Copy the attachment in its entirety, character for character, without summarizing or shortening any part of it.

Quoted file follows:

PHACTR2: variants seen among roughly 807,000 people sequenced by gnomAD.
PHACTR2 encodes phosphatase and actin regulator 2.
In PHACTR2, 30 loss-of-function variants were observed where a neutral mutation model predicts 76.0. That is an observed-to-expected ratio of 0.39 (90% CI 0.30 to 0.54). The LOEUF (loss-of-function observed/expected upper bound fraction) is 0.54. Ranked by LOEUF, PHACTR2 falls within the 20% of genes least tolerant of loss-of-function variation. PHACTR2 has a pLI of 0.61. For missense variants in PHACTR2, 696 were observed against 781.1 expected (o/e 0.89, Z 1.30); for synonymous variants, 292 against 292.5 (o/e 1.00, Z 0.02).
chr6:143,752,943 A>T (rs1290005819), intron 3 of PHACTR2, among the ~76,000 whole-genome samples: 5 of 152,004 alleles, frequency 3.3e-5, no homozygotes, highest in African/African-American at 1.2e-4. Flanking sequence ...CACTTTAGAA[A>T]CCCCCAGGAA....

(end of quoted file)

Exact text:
PHACTR2: variants seen among roughly 807,000 people sequenced by gnomAD.
PHACTR2 encodes phosphatase and actin regulator 2.
In PHACTR2, 30 loss-of-function variants were observed where a neutral mutation model predicts 76.0. That is an observed-to-expected ratio of 0.39 (90% CI 0.30 to 0.54). The LOEUF (loss-of-function observed/expected upper bound fraction) is 0.54. Ranked by LOEUF, PHACTR2 falls within the 20% of genes least tolerant of loss-of-function variation. PHACTR2 has a pLI of 0.61. For missense variants in PHACTR2, 696 were observed against 781.1 expected (o/e 0.89, Z 1.30); for synonymous variants, 292 against 292.5 (o/e 1.00, Z 0.02).
chr6:143,752,943 A>T (rs1290005819), intron 3 of PHACTR2, among the ~76,000 whole-genome samples: 5 of 152,004 alleles, frequency 3.3e-5, no homozygotes, highest in African/African-American at 1.2e-4. Flanking sequence ...CACTTTAGAA[A>T]CCCCCAGGAA....